THE Great Flood of 1953 came in the dead of night and claimed 307 lives on the East coast.

Sea defences were overwhelmed as a storm surge struck the Netherlands, Belgium, England and Scotland late on Saturday, January 31, and the next morning.

It was caused by a combination of a high spring tide, a severe windstorm and low pressure over the North Sea.

The floods came without warning and whole communities were unaware of the imminent threat from the surge. At its peak it was 2.5 metres above the spring tide level.

A total of 35 people died in Jaywick, two in Point Clear, near St Osyth, and a further eight lives were lost in Harwich.

Clacton and Frinton Gazette: Pictures from the devastating floods which struck the Essex coast in 1953, claiming 104 lives

The north of the district was hit first as the tidal wave of water raced up the River Stour, while much of Harwich was deluged.

Homes in parts of Walton were left under water while every hut on the lower wall in Frinton disappeared and others higher up were badly damaged.

The harbourmaster at Harwich raised the alarm, but police in Walton had little time to warn people before floodwaters started sweeping through the streets.

The worst-hit areas were Saville Street, Stanley Road, Eagle Avenue, North Street, Alfred Terrace, Mill Lane and Churchfield Road.

Properties between Blyth’s Farm and Church Corner, in Kirby Road, were also hit.

High seas drove boats from their moorings and some of the first people to be stranded were those at Walton and Frinton Yacht Club, who had been watching a late film in the clubhouse.

The high tides also brought havoc to Brightlingsea, where the waterfront flooded and hundreds of beach huts were smashed to pieces or washed out to sea.

Clacton and Frinton Gazette: Disaster - hundreds died on the east coast following flooding on January 31, 1953Disaster - hundreds died on the east coast following flooding on January 31, 1953

Holland-on-Sea and Clacton escaped relatively unscathed but Jaywick bore the brunt of the flooding.

The Jaywick sea defences – dubbed Adrian’s Wall after Jaywick Sands Freeholders’ Association chairman Adrian Wolfe – held firm under the onslaught.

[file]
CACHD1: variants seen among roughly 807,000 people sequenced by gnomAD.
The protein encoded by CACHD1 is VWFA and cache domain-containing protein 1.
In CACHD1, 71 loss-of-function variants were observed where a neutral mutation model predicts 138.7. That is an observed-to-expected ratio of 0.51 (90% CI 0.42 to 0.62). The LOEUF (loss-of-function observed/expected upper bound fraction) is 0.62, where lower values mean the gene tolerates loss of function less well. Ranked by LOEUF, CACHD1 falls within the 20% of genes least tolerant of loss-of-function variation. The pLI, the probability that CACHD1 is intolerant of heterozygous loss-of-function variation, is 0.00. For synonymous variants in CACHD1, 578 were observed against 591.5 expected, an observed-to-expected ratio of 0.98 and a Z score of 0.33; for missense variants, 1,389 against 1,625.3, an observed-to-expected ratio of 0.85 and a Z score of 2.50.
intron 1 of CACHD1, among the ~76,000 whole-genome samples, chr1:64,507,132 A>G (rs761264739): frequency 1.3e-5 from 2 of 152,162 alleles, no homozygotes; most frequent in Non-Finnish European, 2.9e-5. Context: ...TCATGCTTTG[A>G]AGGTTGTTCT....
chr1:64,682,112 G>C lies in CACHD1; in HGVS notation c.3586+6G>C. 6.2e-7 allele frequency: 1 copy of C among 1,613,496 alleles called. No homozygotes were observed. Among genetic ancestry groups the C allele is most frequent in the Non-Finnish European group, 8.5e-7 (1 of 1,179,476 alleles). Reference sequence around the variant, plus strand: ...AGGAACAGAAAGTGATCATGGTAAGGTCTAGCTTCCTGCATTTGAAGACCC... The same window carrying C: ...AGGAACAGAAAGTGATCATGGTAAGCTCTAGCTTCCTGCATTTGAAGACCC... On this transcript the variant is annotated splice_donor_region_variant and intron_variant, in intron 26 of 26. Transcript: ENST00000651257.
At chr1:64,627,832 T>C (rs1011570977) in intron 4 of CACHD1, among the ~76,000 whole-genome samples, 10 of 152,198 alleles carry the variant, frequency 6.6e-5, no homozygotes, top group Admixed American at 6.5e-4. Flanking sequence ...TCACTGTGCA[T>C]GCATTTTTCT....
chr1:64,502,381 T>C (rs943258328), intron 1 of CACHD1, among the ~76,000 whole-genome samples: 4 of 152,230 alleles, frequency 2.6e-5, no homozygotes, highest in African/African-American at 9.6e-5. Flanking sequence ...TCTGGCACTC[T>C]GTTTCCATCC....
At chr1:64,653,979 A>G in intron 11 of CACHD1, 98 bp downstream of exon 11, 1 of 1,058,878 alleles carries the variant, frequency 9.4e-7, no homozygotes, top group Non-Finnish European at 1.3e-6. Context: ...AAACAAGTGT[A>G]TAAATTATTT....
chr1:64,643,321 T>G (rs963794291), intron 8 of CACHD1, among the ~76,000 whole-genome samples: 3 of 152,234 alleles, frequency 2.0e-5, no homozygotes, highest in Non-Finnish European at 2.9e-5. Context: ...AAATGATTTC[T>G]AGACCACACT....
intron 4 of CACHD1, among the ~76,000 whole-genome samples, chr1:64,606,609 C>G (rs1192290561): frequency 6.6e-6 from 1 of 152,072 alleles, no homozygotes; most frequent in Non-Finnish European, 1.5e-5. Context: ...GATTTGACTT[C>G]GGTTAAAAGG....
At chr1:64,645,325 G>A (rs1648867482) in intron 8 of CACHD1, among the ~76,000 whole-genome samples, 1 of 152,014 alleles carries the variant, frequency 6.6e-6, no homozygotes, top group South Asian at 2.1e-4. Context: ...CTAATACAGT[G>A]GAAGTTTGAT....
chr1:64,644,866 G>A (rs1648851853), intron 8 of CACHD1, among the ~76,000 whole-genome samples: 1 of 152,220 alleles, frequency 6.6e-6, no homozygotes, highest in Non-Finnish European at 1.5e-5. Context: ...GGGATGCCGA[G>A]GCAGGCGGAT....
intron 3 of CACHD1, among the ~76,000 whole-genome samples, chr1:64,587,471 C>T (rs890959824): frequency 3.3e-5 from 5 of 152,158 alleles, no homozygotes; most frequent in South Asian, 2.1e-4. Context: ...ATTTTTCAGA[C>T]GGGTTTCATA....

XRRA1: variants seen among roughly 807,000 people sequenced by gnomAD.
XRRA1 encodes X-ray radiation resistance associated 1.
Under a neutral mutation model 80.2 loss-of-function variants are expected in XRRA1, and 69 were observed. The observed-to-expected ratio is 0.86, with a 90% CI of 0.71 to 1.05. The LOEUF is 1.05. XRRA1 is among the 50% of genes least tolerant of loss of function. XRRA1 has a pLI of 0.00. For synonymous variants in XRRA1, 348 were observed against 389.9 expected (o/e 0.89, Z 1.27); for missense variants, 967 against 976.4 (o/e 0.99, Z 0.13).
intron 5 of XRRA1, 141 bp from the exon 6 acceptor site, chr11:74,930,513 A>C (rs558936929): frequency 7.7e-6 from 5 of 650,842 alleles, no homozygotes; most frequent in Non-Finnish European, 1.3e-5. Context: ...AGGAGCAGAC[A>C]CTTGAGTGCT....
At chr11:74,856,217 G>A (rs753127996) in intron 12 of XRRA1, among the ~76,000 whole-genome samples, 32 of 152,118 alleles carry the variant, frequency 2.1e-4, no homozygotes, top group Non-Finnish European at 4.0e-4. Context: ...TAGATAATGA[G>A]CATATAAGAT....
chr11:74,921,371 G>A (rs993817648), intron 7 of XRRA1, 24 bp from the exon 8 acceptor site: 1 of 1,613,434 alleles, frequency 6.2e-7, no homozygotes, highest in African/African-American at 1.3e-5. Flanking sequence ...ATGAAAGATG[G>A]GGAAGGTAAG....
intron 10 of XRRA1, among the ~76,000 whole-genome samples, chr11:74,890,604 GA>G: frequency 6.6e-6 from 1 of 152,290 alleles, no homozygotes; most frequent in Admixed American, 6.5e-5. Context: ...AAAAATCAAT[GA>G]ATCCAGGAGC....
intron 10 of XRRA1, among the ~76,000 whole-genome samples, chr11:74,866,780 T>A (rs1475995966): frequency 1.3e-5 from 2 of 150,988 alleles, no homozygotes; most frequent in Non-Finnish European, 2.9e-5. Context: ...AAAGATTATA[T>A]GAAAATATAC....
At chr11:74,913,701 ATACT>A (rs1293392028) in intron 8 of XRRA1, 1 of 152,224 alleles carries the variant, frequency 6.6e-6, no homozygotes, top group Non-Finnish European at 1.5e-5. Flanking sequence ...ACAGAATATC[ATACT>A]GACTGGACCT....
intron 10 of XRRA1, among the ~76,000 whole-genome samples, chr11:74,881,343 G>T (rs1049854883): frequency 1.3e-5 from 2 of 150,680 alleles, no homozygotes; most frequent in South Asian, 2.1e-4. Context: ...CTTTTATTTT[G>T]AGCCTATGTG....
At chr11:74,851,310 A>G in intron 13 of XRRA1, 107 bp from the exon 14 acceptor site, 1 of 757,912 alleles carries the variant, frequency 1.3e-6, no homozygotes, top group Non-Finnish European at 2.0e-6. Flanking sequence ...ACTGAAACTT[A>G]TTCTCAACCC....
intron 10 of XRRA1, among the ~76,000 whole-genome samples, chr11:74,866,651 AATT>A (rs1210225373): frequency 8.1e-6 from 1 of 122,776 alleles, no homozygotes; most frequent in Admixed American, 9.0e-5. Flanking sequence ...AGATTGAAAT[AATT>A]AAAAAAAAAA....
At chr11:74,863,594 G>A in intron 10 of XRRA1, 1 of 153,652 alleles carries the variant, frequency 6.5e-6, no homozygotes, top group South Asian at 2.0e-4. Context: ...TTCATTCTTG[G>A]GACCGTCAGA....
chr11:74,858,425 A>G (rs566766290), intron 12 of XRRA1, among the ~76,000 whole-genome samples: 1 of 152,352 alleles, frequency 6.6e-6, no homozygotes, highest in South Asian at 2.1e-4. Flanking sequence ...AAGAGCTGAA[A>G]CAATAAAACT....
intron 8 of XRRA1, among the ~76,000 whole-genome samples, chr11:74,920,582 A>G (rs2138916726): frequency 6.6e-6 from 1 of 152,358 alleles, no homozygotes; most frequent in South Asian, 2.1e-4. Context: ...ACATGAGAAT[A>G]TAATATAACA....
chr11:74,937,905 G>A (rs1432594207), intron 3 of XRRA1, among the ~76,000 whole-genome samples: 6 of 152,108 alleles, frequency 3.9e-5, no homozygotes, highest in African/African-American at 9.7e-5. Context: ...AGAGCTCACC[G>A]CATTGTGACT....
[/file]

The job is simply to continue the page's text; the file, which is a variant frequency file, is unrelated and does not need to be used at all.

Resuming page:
But further to the west the sea defences were not so strong and waves punched through the wall.

A wall of water hurtled from inland at St Osyth marshes towards Jaywick from its defenceless rear, completely cutting off the village. Entire houses were submerged.

The “courageous” PC Don Harmer waded through chin-high water to the sea wall and crawled his way to Clacton to alert the police station of the disaster.

A husband and wife were killed as Point Clear was covered by the waters.

William and Lilian Crosswell lived behind Crosswells stores in Point Clear. Their son lived slightly up the hill.

Clacton and Frinton Gazette: Rescue - youngsters are carried to safety in HarwichRescue - youngsters are carried to safety in Harwich

As the wall of water crashed into Point Clear, he phoned his elderly parents to warn them of the impending danger.

His father answered and said: “The windows are coming in.”

Lilian then came on the line and begged “Save yourself, son” before the line went dead.

The last person to be rescued alive from the disaster was 65-year-old nursing sister Louise Kemp, who was plucked to safety from her home in Triumph Avenue, Jaywick, after being trapped in her loft for 31 hours.

She might have died, but was saved by pet cat Tiger, who started to paw her as she lay sleeping, unaware of the sea pouring into her home.

Clacton and Frinton Gazette: Damage - damage to a house in Harwich's BathsideDamage - damage to a house in Harwich's Bathside

She clambered onto the top of a wardrobe to escape the swirling water. As the water level continued to rise, Louise grabbed a clothes hanger from the wardrobe and managed to smash through the thin ceiling before pushing Tiger into the loft and climbing in herself, wrapped only in a cotton nightdress and sodden blanket.

She stayed there shivering in the dark with no food throughout Sunday, desperately trying to attract rescuers’ attention with a forlorn distress signal made out of a strip of blanket and a cane.

The nurse spent the night huddled in the loft with her cat. But with her strength ebbing away on Monday morning, she saw light filtering through the roof tiles and began to call for help.

“I started whooping and cooeeing like the haunted,” she later told the Gazette, as she lay recovering in Clacton Hospital.

Clacton and Frinton Gazette: High water: People evacuated Harwich by row boat

“Then I saw a hatchet knock through the tiles and the very welcome face of a policeman.”

As she was being carried to safety, she asked: “Where’s Tiger?”

The three-man crew returned for the pet and tied a label around its neck, saying ‘Sister Kemp’s cat’.

In total 121 people died in Essex and more than 24,000 people were left homeless across the region.

Peter Harris, Tendring Council chairman, said: “The devastating 1953 floods really shaped our district – both physically such as with later flood defences, and our psyche – and it is important that we remember that as well as all those who sadly lost their lives.”